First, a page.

Centers for Teaching and Learning: The New Landscape in Higher Education
By Mary C. Wright.
Johns Hopkins University Press, 2023.
Hardcover, 296 pages, $39.95.
Reviewed by Lee Trepanier.
The most recent permanent fixtures on college campuses are Centers of Teaching and Learning (CTLs). While their missions may vary from college to college, they essentially exist to improve faculty teaching and student learning, whether through the incorporation of technology, the classroom integration of SoTL (the scholarship of teaching and learning), or advocating greater inclusion for both faculty and students. In Centers for Teaching and Learning, Mary C. Wright, associate provost for teaching and learning, among other titles, at Brown University, paints a broad picture of the educational landscape where CTLs reside and their goals, strategies, and mandates.
Although it is difficult to determine the number of CTLs in the country, she estimates about 1,100 exist with 78% of doctorate institutions hosting them but only 15% of associate institutions (45% for masters; 25% for bachelors). On the one hand, this strikes one as strange since associate and baccalaureate institutions would seem to need CTLs the most since they are primarily teaching schools. On the other hand, the CTLs’ aim of producing scholarship on teaching and learning makes it more suitable for doctorate institutions. Other interesting bits about the presence of CTLs in higher education is that over a third of Historically Black Colleges and Universities and Hispanic-Serving Institutions have a CTL, while faith-based institutions have relatively few. The region of New England has the highest percentage of institutions with a CTL (43%), while the rest of the country remains within a 20%-29% range.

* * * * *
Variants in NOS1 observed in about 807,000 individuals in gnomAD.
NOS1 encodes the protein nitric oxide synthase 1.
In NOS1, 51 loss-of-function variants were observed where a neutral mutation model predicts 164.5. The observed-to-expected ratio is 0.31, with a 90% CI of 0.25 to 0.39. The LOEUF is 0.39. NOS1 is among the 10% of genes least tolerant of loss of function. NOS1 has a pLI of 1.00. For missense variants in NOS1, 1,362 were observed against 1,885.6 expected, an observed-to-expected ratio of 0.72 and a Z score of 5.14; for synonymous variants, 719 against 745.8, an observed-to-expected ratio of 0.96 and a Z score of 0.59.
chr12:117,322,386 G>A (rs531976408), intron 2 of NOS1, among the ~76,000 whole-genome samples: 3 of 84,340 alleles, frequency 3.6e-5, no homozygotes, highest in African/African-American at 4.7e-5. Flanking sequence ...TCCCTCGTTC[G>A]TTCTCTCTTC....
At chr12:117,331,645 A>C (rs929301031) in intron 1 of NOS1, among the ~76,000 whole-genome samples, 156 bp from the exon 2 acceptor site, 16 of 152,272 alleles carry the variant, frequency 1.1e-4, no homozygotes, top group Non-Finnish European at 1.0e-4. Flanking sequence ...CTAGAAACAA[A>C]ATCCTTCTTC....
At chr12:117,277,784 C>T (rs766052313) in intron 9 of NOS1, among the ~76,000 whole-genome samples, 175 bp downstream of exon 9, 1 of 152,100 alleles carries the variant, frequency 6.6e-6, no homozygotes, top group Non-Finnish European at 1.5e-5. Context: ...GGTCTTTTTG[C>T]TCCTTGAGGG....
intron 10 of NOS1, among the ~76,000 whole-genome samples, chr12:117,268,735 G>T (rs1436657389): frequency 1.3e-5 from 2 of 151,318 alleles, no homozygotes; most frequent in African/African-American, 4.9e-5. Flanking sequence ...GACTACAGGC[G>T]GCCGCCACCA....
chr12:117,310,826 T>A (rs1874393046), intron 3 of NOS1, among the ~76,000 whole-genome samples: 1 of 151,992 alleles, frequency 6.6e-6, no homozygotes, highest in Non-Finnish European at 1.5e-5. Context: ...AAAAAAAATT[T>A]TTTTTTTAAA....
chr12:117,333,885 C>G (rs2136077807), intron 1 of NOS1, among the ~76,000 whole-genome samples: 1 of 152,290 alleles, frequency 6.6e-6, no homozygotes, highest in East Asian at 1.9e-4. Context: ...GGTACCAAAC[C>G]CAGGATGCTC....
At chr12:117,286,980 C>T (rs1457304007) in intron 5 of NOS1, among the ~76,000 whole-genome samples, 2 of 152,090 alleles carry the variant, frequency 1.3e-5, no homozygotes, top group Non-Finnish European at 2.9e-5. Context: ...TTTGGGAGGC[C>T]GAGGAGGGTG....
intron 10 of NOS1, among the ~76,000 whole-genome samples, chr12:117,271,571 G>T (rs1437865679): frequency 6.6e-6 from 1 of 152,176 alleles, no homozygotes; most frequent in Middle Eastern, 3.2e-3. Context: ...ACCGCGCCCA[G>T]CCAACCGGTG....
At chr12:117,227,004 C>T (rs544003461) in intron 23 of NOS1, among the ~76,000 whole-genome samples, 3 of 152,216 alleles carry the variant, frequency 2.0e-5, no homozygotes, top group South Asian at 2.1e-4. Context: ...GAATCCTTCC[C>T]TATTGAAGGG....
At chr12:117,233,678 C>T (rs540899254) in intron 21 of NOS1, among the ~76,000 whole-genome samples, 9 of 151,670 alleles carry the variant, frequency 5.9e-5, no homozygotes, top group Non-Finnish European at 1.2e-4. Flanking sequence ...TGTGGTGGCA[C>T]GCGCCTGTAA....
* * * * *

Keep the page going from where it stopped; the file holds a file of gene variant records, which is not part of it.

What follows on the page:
One of the key purposes of these centers is student learning—often evaluated by quantitative learning outcomes—and student success—nebulously defined as a student’s good grades, progress towards graduation, and a holistic sense of fulfillment. This combination of data-driven metrics (grades, progress towards graduation, learning outcomes) and therapeutic self-esteem (holistic fulfillment) leaves out assessing the classical virtues of prudence, courage, or moderation. Yet one should not be surprised that the classical virtues are left out in CTLs, for, as Wright points out, these centers often support the institutional missions and strategic plans of their universities where the goals are financial sustainability, community engagement, and access for underrepresented groups.